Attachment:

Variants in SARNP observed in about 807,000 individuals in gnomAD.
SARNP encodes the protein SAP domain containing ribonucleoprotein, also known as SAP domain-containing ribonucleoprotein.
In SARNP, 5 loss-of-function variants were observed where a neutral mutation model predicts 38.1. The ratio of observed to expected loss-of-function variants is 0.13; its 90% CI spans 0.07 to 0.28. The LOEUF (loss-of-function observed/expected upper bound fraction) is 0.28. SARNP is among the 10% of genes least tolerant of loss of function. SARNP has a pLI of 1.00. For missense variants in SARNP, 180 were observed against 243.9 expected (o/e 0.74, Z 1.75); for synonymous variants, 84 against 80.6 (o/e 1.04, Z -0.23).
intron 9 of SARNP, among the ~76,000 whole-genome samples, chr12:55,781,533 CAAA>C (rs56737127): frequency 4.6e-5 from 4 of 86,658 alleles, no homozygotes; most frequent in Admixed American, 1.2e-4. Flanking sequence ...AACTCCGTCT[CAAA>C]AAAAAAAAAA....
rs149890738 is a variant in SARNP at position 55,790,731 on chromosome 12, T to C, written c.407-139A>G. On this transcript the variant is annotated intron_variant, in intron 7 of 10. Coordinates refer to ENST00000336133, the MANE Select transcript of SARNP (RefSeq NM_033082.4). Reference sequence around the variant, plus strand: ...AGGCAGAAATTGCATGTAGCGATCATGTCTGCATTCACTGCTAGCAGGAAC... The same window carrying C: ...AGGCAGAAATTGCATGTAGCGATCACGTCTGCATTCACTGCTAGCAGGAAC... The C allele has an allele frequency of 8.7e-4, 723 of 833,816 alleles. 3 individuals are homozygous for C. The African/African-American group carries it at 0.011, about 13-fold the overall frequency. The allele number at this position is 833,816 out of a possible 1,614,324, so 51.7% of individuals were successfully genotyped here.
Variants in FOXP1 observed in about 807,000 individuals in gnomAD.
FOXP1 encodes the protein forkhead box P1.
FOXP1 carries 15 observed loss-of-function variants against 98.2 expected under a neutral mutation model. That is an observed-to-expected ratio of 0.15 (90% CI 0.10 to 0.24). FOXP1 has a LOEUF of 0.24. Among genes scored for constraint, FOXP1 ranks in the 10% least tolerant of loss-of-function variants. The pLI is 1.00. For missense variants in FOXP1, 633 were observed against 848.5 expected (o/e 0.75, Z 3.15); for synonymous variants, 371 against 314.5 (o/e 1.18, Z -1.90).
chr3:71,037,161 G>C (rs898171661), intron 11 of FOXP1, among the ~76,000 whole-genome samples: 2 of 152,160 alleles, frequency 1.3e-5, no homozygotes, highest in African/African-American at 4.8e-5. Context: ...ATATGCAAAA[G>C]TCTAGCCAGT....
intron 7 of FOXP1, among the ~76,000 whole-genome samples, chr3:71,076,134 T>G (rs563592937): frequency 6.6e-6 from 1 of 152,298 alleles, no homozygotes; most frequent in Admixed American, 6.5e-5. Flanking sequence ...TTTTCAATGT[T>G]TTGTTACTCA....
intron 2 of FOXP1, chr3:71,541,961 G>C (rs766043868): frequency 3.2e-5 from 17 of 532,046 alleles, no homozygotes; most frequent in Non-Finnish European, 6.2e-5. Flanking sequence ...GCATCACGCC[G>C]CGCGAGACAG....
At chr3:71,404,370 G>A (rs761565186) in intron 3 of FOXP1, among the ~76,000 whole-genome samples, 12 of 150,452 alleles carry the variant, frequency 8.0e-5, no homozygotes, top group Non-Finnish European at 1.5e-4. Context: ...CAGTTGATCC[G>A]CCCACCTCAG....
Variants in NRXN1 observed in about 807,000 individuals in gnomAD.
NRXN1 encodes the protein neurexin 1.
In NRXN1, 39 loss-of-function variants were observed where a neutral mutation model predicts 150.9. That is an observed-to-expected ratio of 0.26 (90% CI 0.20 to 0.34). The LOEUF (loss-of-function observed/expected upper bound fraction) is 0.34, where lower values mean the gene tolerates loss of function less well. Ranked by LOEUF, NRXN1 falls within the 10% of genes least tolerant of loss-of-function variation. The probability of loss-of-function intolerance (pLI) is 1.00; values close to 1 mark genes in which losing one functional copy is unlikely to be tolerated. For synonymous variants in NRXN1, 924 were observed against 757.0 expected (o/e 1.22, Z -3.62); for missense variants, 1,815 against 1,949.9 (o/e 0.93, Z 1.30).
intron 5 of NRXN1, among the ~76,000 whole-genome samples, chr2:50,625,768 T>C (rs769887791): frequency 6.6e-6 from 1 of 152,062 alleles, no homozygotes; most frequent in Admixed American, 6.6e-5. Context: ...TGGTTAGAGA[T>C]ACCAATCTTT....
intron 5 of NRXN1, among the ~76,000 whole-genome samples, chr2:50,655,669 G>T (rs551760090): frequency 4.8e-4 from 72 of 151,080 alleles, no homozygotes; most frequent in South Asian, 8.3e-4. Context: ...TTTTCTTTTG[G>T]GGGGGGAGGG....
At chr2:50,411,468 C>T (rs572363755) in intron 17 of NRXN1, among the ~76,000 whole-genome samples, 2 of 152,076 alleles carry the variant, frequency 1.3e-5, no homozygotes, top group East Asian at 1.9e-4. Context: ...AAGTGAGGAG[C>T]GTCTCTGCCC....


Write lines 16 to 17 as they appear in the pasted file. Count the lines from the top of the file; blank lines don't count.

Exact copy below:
intron 5 of NRXN1, among the ~76,000 whole-genome samples, chr2:50,625,768 T>C (rs769887791): frequency 6.6e-6 from 1 of 152,062 alleles, no homozygotes; most frequent in Admixed American, 6.6e-5. Context: ...TGGTTAGAGA[T>C]ACCAATCTTT....
intron 5 of NRXN1, among the ~76,000 whole-genome samples, chr2:50,655,669 G>T (rs551760090): frequency 4.8e-4 from 72 of 151,080 alleles, no homozygotes; most frequent in South Asian, 8.3e-4. Context: ...TTTTCTTTTG[G>T]GGGGGGAGGG....